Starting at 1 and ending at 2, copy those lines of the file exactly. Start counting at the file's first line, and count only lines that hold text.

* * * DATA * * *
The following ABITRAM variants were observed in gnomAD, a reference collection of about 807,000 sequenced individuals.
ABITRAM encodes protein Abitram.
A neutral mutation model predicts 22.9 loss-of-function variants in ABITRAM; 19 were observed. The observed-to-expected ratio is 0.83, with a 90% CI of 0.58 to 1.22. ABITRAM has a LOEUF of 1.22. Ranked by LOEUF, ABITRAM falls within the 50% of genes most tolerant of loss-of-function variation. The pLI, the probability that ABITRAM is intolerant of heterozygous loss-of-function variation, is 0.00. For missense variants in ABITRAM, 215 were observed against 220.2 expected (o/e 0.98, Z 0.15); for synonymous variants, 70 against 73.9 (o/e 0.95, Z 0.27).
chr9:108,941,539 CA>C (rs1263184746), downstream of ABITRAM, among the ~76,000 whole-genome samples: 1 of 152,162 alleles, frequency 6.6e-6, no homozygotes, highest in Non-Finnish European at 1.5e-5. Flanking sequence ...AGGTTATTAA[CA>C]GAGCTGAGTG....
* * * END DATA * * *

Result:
The following ABITRAM variants were observed in gnomAD, a reference collection of about 807,000 sequenced individuals.
ABITRAM encodes protein Abitram.